Fluid turbulence: How nature mixes things up
Wednesday, May 5, 2010 – 3:15pm – 4:30pm
Director, Center for Nonlinear Studies, Los Alamos National Laboratory
Ash disperses from a volcano; fuel and air mix in an internal combustion cylinder; airline passengers are bumped and sometimes bruised by clear air turbulence; heat is redistributed over the earth by the motions of winds in the atmosphere. At the core of all of these phenomena is the ubiquitous process known as “turbulence.” First described and named “la turbolenza” by Leonardo da Vinci in 1507, turbulence has posed tremendous challenges to scientists for over 100 years because of the strongly nonlinear nature of the equations governing fluid flow. Practical progress has been demanded by the many applications of turbulence from the drag on cars and airplanes to predicting the weather. Nevertheless, the fundamental problem of fluid turbulence – a quintessential example of a strongly-interacting classical nonlinear field theory – remains an interesting and exciting one to this day. I will describe our current understanding of fluid turbulence and some recent experimental and theoretical results that justify the expectation that real progress will be made in the coming years on understanding this important fundamental problem in classical physics.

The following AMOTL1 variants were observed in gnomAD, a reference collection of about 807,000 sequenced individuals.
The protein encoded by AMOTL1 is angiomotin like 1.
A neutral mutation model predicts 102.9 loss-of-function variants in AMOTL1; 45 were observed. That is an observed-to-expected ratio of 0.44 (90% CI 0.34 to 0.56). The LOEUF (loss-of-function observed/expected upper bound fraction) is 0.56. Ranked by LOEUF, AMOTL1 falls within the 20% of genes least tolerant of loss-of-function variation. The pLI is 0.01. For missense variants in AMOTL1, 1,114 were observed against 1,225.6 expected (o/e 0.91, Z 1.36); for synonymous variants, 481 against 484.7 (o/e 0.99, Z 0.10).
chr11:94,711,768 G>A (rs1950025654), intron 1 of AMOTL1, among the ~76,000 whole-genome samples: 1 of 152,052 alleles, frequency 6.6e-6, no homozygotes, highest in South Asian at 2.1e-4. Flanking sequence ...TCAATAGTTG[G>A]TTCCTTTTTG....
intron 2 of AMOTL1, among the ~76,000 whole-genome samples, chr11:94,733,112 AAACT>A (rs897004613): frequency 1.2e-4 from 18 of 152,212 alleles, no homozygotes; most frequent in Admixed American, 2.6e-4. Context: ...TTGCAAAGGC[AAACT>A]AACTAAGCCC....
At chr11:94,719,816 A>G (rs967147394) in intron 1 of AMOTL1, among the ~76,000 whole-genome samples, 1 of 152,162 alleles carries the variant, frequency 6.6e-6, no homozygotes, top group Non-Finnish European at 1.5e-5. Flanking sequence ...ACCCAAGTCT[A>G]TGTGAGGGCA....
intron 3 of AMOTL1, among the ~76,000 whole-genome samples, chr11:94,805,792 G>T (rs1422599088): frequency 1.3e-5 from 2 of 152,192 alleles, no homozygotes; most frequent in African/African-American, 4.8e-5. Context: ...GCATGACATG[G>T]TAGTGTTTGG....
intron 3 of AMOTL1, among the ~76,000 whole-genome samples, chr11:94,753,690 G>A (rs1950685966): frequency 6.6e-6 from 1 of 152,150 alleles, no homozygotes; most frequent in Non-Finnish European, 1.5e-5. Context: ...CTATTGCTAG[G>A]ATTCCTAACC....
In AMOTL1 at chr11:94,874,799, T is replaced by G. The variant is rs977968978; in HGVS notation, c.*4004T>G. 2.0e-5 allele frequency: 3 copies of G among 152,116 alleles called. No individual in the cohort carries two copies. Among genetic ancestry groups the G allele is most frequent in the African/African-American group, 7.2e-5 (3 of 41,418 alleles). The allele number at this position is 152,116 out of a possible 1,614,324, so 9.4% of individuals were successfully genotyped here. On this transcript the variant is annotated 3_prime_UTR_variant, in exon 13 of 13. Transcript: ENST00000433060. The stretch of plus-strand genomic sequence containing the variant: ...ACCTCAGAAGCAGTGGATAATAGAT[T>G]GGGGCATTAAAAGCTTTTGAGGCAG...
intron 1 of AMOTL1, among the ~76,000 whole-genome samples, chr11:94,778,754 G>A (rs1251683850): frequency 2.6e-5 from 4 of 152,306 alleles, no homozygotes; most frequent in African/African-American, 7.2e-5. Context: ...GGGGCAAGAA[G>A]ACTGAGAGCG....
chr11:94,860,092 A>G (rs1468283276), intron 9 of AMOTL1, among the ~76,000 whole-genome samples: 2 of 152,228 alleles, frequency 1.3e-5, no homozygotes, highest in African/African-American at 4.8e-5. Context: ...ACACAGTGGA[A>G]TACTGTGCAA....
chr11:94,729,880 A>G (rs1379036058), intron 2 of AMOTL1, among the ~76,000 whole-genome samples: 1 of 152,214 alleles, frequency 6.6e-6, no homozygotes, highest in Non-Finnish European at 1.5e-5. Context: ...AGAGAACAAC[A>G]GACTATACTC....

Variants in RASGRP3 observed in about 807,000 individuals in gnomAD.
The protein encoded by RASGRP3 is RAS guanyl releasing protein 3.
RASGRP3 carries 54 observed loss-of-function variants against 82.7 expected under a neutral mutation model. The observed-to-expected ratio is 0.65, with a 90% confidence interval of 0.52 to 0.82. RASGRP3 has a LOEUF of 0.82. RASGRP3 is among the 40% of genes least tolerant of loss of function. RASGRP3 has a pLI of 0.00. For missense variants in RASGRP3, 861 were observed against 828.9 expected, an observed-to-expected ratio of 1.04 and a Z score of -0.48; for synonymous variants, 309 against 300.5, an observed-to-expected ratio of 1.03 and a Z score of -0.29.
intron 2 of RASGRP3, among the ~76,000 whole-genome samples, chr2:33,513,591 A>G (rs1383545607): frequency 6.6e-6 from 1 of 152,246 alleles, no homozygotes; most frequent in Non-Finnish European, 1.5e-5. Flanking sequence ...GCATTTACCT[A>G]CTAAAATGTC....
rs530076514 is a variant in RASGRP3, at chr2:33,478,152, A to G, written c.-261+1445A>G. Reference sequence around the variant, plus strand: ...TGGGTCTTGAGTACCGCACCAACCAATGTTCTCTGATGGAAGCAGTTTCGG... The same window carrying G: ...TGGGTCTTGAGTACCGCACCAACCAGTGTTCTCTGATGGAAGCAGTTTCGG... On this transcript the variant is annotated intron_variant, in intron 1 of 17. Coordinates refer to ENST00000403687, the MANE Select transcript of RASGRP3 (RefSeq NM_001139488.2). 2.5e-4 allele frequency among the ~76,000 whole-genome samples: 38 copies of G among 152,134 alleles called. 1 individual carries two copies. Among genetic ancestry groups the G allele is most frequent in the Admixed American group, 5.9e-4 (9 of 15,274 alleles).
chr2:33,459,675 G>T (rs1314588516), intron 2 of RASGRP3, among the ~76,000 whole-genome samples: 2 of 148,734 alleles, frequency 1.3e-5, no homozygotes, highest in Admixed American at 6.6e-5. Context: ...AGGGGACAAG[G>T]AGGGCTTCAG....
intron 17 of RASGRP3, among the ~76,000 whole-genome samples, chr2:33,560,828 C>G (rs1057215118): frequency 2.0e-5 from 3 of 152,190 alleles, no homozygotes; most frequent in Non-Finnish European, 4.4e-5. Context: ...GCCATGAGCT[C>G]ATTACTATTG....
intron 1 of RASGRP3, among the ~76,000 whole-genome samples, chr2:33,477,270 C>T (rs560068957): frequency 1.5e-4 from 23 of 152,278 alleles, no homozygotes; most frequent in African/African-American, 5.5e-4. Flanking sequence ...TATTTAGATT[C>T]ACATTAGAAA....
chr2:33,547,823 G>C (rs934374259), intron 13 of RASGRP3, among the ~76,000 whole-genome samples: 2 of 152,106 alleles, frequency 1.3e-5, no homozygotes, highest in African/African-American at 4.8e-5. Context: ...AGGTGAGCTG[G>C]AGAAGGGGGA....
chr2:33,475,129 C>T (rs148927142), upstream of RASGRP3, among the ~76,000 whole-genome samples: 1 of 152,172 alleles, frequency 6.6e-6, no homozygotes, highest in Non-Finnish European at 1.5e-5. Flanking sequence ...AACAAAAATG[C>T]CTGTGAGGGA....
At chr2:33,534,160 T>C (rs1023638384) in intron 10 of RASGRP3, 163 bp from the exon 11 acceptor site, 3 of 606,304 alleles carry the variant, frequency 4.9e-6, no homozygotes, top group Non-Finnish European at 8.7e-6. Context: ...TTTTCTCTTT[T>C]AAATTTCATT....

Host: David Egolf